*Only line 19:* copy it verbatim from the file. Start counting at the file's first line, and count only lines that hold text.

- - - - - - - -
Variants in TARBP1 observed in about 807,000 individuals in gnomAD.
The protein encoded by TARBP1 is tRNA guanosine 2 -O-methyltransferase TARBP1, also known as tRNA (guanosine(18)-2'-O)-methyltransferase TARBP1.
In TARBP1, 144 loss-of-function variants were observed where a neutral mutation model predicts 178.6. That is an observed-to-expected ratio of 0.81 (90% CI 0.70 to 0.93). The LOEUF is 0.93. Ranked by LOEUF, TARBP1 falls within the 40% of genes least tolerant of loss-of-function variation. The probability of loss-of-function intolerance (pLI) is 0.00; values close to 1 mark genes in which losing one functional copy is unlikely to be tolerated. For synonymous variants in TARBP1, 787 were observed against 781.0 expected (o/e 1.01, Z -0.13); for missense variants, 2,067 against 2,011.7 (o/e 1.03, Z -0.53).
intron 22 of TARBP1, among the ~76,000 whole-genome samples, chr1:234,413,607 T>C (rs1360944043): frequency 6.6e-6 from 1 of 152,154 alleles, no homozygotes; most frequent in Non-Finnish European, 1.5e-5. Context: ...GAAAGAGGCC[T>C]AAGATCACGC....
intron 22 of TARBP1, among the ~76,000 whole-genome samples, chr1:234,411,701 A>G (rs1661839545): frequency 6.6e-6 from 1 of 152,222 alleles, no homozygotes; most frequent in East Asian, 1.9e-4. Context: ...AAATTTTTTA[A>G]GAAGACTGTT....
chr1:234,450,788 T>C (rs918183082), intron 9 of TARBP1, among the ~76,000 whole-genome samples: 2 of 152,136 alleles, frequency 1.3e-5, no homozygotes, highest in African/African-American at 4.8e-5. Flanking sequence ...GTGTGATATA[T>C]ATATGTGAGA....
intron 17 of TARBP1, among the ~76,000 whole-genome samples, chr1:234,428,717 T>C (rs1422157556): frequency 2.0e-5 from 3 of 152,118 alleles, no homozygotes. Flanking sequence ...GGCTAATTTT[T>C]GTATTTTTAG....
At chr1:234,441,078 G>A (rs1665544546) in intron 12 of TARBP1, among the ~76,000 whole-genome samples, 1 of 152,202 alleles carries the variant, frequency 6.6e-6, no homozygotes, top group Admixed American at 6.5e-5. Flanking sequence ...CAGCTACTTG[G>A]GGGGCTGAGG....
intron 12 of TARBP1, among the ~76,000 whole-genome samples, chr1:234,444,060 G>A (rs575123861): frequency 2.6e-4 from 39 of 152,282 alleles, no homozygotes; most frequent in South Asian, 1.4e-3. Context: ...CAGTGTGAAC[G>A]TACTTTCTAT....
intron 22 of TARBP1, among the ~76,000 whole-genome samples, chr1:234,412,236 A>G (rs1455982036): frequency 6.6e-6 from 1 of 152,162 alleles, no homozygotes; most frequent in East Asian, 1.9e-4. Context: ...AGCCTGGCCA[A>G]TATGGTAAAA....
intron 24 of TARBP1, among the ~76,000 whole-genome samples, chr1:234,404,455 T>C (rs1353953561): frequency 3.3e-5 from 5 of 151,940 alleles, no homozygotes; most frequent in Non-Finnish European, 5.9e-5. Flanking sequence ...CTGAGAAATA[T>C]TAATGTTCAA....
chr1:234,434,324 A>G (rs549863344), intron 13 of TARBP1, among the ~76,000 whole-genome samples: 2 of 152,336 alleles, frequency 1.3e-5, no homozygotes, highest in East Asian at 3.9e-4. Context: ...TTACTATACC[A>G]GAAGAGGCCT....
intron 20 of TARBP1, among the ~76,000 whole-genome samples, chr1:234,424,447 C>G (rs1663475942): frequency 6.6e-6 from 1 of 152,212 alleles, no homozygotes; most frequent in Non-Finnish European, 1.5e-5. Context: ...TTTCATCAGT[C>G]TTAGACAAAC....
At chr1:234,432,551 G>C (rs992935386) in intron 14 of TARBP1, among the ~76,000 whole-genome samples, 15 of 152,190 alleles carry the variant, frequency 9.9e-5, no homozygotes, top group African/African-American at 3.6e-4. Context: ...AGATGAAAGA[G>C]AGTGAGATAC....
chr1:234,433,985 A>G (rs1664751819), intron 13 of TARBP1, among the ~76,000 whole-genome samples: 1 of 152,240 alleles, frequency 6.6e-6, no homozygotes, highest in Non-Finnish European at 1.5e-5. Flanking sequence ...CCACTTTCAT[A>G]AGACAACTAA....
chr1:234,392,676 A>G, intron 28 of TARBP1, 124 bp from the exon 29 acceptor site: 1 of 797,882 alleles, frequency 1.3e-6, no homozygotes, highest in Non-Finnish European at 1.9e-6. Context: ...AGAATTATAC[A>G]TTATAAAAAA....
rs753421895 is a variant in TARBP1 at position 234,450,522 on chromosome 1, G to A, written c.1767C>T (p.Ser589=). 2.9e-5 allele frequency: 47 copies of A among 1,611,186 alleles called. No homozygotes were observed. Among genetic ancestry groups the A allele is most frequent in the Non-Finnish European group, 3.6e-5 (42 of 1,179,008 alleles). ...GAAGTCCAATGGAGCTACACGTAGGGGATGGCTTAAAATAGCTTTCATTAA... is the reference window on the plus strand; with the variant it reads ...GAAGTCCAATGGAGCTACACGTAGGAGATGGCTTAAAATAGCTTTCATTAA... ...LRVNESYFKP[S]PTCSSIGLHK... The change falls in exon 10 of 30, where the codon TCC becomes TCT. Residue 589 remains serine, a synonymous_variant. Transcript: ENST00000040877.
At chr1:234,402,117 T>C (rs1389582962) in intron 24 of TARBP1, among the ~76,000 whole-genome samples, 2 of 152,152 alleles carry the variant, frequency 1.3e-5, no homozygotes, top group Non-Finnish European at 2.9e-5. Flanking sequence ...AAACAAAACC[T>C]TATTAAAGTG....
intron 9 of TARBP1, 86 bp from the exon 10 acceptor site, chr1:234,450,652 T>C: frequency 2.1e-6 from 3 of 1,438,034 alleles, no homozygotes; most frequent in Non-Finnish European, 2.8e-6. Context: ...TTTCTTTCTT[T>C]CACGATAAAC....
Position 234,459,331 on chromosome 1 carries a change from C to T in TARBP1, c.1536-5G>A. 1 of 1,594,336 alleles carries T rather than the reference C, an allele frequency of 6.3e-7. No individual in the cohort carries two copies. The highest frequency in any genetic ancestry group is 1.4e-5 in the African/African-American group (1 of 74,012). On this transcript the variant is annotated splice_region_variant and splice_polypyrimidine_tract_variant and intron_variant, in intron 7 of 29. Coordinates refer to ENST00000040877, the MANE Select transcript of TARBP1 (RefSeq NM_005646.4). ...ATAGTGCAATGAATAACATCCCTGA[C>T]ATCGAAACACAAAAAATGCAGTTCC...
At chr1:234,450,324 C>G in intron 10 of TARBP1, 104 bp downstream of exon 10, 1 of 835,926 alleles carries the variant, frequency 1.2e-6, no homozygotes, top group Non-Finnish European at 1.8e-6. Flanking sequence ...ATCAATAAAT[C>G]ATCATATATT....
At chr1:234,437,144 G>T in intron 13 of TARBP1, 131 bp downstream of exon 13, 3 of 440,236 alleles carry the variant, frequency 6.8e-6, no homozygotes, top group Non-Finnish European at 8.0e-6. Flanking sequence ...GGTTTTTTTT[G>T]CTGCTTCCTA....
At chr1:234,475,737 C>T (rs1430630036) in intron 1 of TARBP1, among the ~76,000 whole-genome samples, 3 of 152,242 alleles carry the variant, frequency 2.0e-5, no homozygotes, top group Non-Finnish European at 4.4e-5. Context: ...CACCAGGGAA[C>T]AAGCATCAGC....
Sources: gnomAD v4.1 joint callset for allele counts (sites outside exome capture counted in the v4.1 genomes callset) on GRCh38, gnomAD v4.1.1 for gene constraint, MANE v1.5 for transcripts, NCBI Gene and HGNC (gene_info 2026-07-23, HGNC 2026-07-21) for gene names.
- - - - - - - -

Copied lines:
intron 9 of TARBP1, 86 bp from the exon 10 acceptor site, chr1:234,450,652 T>C: frequency 2.1e-6 from 3 of 1,438,034 alleles, no homozygotes; most frequent in Non-Finnish European, 2.8e-6. Context: ...TTTCTTTCTT[T>C]CACGATAAAC....